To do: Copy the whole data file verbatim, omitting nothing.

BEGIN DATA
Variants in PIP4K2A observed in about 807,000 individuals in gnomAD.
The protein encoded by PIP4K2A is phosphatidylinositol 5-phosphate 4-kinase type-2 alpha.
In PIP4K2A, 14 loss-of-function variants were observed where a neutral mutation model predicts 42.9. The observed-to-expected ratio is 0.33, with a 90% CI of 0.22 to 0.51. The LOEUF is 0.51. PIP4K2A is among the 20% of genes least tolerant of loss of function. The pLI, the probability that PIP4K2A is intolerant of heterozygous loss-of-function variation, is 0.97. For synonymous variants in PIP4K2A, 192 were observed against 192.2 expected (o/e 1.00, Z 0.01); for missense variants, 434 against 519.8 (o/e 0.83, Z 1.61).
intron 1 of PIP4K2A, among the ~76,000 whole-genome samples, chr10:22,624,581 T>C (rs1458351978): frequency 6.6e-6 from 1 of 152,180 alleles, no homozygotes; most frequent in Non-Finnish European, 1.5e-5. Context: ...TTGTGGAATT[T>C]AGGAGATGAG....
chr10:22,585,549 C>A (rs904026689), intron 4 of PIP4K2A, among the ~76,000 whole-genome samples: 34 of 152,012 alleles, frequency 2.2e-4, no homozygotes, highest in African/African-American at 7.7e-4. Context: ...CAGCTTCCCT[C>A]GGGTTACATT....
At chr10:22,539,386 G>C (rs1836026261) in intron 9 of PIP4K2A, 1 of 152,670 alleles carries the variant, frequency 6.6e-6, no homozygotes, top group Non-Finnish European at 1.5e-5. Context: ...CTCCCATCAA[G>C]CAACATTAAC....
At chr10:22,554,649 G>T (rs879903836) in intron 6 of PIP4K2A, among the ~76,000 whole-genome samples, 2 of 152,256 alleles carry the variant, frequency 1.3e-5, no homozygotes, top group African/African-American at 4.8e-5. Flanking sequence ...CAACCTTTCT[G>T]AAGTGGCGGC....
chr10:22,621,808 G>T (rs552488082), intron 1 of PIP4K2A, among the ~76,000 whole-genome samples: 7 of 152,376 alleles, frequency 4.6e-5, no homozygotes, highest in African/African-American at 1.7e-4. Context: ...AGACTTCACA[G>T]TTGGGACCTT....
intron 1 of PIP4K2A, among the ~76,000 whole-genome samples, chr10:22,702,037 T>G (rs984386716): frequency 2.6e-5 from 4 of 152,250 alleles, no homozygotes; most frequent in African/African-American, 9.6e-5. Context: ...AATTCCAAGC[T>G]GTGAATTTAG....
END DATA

Variants in PIP4K2A observed in about 807,000 individuals in gnomAD.
The protein encoded by PIP4K2A is phosphatidylinositol 5-phosphate 4-kinase type-2 alpha.
In PIP4K2A, 14 loss-of-function variants were observed where a neutral mutation model predicts 42.9. The observed-to-expected ratio is 0.33, with a 90% CI of 0.22 to 0.51. The LOEUF is 0.51. PIP4K2A is among the 20% of genes least tolerant of loss of function. The pLI, the probability that PIP4K2A is intolerant of heterozygous loss-of-function variation, is 0.97. For synonymous variants in PIP4K2A, 192 were observed against 192.2 expected (o/e 1.00, Z 0.01); for missense variants, 434 against 519.8 (o/e 0.83, Z 1.61).
intron 1 of PIP4K2A, among the ~76,000 whole-genome samples, chr10:22,624,581 T>C (rs1458351978): frequency 6.6e-6 from 1 of 152,180 alleles, no homozygotes; most frequent in Non-Finnish European, 1.5e-5. Context: ...TTGTGGAATT[T>C]AGGAGATGAG....
chr10:22,585,549 C>A (rs904026689), intron 4 of PIP4K2A, among the ~76,000 whole-genome samples: 34 of 152,012 alleles, frequency 2.2e-4, no homozygotes, highest in African/African-American at 7.7e-4. Context: ...CAGCTTCCCT[C>A]GGGTTACATT....
At chr10:22,539,386 G>C (rs1836026261) in intron 9 of PIP4K2A, 1 of 152,670 alleles carries the variant, frequency 6.6e-6, no homozygotes, top group Non-Finnish European at 1.5e-5. Context: ...CTCCCATCAA[G>C]CAACATTAAC....
At chr10:22,554,649 G>T (rs879903836) in intron 6 of PIP4K2A, among the ~76,000 whole-genome samples, 2 of 152,256 alleles carry the variant, frequency 1.3e-5, no homozygotes, top group African/African-American at 4.8e-5. Flanking sequence ...CAACCTTTCT[G>T]AAGTGGCGGC....
chr10:22,621,808 G>T (rs552488082), intron 1 of PIP4K2A, among the ~76,000 whole-genome samples: 7 of 152,376 alleles, frequency 4.6e-5, no homozygotes, highest in African/African-American at 1.7e-4. Context: ...AGACTTCACA[G>T]TTGGGACCTT....
intron 1 of PIP4K2A, among the ~76,000 whole-genome samples, chr10:22,702,037 T>G (rs984386716): frequency 2.6e-5 from 4 of 152,250 alleles, no homozygotes; most frequent in African/African-American, 9.6e-5. Context: ...AATTCCAAGC[T>G]GTGAATTTAG....